A testamentary trust, often called a will trust, is an agreement made for the benefit of a beneficiary once the trustor has died, and details how the assets must be endowed after their death. This type of trust is often instituted by an executor, who will manage the trust for the trustor's decedents after their will and testament has been created. And, a testamentary trust is irrevocable (cannot be changed or altered).

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    3. Revocable Trust

    A revocable trust, like a living trust, is created during the trustor's lifetime. It is able to be changed, terminated, or otherwise altered during the trustor's lifetime by the trustor themselves. It is often set up to transfer assets outside of probate. In this case, all three parts of the arrangement (the trustor, trustee  and beneficiary) are often the same person who can manage their own assets, but will be given over to a successor trustee and other beneficiaries upon the original trustor's death.

    4. Irrevocable Trust

    On the contrary, an irrevocable trust is one that a trustor (grantor) cannot change or alter during his or her lifetime or that cannot be revoked after his or her death. Because this type of trust contains assets that cannot be moved back into the possession of the trustor, irrevocable trusts are often more tax efficient - with little to no estate taxes at all. For this reason, irrevocable trusts are often the most popular as they transfer assets completely out of the trustor's name and into the next generation or beneficiary's name. However, a living trust can be either revocable or irrevocable based on its specifications.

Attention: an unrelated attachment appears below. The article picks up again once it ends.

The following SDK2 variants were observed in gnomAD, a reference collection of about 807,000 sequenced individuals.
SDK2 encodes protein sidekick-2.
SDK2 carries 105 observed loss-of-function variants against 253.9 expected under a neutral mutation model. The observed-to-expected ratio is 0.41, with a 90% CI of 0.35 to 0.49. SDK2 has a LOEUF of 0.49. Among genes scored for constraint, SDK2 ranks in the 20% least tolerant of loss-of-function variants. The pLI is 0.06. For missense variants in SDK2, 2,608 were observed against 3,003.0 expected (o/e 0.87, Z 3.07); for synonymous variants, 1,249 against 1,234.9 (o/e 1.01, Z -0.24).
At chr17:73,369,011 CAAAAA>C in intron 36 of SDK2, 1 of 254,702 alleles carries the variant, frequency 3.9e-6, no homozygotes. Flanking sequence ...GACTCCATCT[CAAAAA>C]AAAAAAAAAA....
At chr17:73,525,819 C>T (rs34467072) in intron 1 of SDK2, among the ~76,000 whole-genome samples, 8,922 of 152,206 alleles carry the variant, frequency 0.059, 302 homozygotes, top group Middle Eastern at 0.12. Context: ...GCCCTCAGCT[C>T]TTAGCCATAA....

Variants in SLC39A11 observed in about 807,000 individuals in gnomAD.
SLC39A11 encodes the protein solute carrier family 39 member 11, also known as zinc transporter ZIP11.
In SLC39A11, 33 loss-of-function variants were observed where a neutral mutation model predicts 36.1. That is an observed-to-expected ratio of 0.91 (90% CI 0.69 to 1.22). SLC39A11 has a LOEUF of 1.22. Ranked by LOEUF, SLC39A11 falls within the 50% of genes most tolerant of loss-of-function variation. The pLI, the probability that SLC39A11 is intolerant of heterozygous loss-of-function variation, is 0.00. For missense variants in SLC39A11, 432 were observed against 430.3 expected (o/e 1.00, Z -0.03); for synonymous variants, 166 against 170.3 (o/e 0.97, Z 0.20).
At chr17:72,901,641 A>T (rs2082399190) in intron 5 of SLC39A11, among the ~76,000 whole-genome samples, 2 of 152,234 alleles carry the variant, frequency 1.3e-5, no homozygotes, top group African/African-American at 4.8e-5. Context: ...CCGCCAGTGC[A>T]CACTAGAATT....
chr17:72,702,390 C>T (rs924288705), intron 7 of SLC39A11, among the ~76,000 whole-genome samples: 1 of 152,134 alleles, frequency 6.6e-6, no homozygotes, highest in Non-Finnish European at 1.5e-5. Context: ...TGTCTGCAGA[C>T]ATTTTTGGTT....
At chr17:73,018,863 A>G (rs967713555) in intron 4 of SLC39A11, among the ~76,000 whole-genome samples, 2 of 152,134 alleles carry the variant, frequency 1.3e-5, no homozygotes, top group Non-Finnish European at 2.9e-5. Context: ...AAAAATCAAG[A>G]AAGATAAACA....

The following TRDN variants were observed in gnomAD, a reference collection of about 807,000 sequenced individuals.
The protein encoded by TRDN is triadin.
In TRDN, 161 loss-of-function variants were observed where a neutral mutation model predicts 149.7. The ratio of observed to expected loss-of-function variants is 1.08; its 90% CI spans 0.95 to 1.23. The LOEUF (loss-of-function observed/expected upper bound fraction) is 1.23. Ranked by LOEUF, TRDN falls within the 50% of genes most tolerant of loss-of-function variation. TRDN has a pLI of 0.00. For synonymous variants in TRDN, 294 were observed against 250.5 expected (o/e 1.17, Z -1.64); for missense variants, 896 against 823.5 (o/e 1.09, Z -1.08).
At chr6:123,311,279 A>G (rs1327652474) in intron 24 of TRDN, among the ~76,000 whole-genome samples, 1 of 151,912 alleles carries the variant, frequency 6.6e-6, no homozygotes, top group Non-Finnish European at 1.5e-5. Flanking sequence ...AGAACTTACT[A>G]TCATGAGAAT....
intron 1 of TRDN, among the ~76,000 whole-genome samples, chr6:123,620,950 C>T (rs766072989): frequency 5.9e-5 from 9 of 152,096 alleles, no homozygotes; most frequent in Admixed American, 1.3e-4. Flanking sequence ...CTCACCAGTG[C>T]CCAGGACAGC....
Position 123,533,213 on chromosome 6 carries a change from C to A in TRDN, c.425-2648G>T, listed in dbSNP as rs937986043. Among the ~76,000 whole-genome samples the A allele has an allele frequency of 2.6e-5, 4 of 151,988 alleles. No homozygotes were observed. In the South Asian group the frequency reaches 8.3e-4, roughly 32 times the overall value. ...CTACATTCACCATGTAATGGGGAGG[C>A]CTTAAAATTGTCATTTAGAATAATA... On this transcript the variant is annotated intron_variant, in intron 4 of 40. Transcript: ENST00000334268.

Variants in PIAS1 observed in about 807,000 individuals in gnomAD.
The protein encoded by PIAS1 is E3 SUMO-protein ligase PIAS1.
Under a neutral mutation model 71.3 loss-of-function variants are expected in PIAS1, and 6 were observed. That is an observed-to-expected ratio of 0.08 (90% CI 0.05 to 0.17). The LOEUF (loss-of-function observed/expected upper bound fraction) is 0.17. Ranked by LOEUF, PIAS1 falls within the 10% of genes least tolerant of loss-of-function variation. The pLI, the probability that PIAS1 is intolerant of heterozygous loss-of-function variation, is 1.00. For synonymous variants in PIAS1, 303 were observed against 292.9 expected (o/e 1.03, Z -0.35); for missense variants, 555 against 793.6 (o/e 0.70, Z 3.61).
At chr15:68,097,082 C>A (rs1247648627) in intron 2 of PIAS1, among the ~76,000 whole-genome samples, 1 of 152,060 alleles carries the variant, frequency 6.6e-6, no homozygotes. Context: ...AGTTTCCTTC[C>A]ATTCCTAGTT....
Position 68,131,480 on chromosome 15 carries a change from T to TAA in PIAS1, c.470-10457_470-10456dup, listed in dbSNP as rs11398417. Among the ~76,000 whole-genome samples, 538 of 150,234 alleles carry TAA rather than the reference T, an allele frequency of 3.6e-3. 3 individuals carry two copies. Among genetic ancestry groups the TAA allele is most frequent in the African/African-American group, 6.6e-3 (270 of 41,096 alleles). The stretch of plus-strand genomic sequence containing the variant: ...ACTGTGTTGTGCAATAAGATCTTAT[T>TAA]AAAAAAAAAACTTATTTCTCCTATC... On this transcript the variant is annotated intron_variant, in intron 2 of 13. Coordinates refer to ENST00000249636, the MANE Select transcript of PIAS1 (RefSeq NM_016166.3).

5. Funded or Unfunded Trust

    Funded or unfunded trusts are trust agreements that either have funds (assets) put into them or do not. These trusts can become funded at any point, either during the life or after the death of the trustor.

    6. Credit Shelter Trust

    A credit shelter trust, also known as a bypass trust or a family trust, is a trust fund that allows the trustor to grant the recipients an amount of assets or funds up to the estate-tax exemption. Basically, this allows the trustor to give a spouse or family member the remainder of the estate tax free. These kinds of trusts are often very popular due to how the estate remains tax free forever, even if it grows in size.

    7. Insurance Trust

    An insurance trust allows the trustor to combine their life insurance policy within the trust, keeping it free from taxation on the estate itself. This kind of trust is irrevocable and doesn't allow the trustor to change or borrow against the life policy itself, but allows the life policy to help pay for post-death expenses on the estate.